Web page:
Changing Directions: Toward Sustainable Transport in Malaysia

Blast from the Past: A decade and a half ago we knew what to do.

. . . But we didn’t.  Any answers?

Penang Changing Directions - colorIn September 2001 after a three-day conference under the title “Changing Directions: Toward Sustainable Transport in Malaysia” was organized in Penang, the sponsor, the Consumers’ Association of Penang”, issued a handy pocket-sized version of a 76 page report, intended to serve as a handy “Statement and Summary of Conclusions of the National Seminar”.

This was a remarkably responsible and prescient document, and it is my hope that with the help of the Consumers Association of Penang we will be able to have PDF versions freely available on our shared Sustainable Penang  Public Library here at

Awaiting that happy day , I would like to share with you now and by way of first introduction the opening paragraphs which immediately help us to understand how informed and serious the analysis was so many years ago.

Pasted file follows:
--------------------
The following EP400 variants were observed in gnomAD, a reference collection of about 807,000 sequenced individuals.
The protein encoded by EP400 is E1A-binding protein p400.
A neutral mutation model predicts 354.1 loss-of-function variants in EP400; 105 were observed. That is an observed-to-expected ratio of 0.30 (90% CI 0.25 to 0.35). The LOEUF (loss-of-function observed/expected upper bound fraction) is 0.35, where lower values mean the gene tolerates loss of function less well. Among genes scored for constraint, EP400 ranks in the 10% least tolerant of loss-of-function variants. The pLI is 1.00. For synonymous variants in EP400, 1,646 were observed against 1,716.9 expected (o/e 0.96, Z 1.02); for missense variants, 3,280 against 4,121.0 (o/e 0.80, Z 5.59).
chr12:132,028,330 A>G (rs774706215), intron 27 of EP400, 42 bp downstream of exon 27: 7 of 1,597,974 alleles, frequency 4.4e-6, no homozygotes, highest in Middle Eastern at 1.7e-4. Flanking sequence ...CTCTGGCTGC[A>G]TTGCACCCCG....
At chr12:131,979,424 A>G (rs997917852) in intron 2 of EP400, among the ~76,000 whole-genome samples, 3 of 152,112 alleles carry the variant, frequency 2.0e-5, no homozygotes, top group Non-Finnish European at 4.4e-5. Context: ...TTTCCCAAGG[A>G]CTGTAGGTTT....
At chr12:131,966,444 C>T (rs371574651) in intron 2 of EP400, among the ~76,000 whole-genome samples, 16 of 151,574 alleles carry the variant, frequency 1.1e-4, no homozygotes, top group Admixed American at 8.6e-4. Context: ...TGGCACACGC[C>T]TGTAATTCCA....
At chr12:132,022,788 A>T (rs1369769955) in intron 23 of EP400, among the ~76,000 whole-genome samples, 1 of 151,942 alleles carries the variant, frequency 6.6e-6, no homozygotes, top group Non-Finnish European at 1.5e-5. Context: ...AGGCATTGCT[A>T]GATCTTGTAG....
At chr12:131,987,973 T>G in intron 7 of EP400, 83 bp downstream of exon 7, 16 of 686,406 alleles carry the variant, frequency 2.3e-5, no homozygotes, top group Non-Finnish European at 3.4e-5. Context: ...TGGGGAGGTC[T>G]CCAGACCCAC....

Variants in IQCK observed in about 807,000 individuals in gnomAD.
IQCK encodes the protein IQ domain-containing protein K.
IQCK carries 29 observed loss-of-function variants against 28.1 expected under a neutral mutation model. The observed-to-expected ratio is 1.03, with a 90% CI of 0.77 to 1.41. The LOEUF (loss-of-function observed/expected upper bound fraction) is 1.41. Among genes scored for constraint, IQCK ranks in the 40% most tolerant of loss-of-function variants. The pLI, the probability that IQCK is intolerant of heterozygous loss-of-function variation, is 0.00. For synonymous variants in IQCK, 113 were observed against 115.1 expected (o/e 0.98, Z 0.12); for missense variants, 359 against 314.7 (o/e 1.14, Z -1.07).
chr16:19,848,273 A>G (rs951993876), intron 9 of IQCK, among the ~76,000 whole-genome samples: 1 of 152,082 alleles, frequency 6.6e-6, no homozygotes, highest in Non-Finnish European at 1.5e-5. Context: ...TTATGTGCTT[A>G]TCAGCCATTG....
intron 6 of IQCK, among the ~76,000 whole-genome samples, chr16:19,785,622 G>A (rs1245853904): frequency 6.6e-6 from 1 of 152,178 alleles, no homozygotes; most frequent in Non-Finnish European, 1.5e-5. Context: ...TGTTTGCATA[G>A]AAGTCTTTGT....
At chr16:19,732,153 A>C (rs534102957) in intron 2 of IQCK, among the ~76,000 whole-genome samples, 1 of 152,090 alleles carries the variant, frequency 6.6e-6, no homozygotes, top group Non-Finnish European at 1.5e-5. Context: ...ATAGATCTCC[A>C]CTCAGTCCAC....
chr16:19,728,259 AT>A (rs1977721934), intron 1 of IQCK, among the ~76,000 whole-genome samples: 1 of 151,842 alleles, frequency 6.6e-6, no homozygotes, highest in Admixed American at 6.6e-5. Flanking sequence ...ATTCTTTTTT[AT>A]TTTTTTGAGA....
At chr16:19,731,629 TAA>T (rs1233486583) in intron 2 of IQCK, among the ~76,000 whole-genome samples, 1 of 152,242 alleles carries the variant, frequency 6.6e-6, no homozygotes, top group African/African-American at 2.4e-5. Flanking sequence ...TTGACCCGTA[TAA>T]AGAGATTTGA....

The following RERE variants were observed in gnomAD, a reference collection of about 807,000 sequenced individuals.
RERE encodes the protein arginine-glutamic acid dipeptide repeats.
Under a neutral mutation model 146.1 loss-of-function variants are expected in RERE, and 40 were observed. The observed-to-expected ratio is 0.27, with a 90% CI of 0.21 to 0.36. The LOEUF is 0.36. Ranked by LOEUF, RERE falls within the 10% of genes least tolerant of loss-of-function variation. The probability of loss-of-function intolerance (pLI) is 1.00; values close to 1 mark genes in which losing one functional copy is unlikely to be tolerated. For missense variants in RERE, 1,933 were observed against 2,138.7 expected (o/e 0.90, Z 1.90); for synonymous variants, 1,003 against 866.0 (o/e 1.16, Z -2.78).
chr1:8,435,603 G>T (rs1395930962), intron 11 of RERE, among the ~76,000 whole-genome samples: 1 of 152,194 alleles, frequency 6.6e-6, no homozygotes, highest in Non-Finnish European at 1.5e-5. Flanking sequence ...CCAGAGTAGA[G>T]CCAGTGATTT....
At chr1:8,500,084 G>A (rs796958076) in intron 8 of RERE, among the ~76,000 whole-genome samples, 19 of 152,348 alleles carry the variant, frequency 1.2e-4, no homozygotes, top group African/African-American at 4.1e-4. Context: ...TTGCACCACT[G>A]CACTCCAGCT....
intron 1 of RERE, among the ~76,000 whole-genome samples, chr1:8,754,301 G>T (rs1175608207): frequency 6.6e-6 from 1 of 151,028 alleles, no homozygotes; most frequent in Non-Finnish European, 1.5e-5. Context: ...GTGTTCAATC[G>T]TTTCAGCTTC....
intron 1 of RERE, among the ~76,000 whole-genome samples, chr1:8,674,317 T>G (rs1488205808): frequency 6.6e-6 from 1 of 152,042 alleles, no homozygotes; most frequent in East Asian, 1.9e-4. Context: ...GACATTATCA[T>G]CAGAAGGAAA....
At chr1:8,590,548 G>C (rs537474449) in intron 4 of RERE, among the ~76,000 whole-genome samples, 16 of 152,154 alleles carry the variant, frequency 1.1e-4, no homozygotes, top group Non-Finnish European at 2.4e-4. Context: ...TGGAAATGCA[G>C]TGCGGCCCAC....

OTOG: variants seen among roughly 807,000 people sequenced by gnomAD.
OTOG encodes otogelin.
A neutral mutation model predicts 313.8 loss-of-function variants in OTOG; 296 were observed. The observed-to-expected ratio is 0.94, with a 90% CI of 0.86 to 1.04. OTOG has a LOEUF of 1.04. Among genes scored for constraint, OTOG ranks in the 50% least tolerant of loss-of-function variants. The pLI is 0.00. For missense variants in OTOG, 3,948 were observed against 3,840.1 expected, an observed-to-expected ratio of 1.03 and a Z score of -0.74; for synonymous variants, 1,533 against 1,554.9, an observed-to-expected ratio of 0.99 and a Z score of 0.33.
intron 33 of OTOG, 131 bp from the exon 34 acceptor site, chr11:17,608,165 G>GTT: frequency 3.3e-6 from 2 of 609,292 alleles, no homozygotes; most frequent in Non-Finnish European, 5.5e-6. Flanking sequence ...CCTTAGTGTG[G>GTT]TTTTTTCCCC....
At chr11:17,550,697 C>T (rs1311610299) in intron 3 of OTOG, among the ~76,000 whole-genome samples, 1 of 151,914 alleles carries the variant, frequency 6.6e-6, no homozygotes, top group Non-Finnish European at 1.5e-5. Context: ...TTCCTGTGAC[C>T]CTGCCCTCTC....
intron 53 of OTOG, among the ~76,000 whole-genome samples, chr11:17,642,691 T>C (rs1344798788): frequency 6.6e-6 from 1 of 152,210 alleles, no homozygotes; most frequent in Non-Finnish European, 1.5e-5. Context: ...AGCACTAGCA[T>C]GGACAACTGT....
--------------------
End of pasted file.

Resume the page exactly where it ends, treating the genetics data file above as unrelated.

For us to enjoy our constitutionally guaranteed right to freedom of movement, we need a sustainable, efficient and affordable transport system.  It must enable all of us – regardless of wealth, status, gender and disabilities – to meet our need to travel to our workplace, home and for recreational and social activities efficiently at a reasonable cost, through a sustainable use of resources and without serious adverse impacts on the environment.

If we evaluate the Malaysian transport system using the criteria of sustainability, efficiency and affordability, we can only conclude that it has failed to meet the transport needs of our people and is in a state of crisis.  This crisis is part of the larger urban crisis due to overcrowding, poor housing and social amenities, pollution, crimes, alienation and fractured social relations.

The failure of the authorities to bring sustainable development of the rural areas, and the location of industries, business and services in a few cities and their satellites have produced the large-scale migration of people from the rural areas to the city area the resulting city sprawl has meant that homes, schools and workplaces and recreational facilities are scattered over a wide area requiring people to travel long distances, and make several trips, to perform their daily tasks and social activities.  The policy of directly or indirectly encouraging the use of private motorcars and motorcycles to meet the transport needs of our people has had severe effects on the quality of life in the cities and on the economy and efficiency of urban transportation

And then on page 7 the authors go on to note: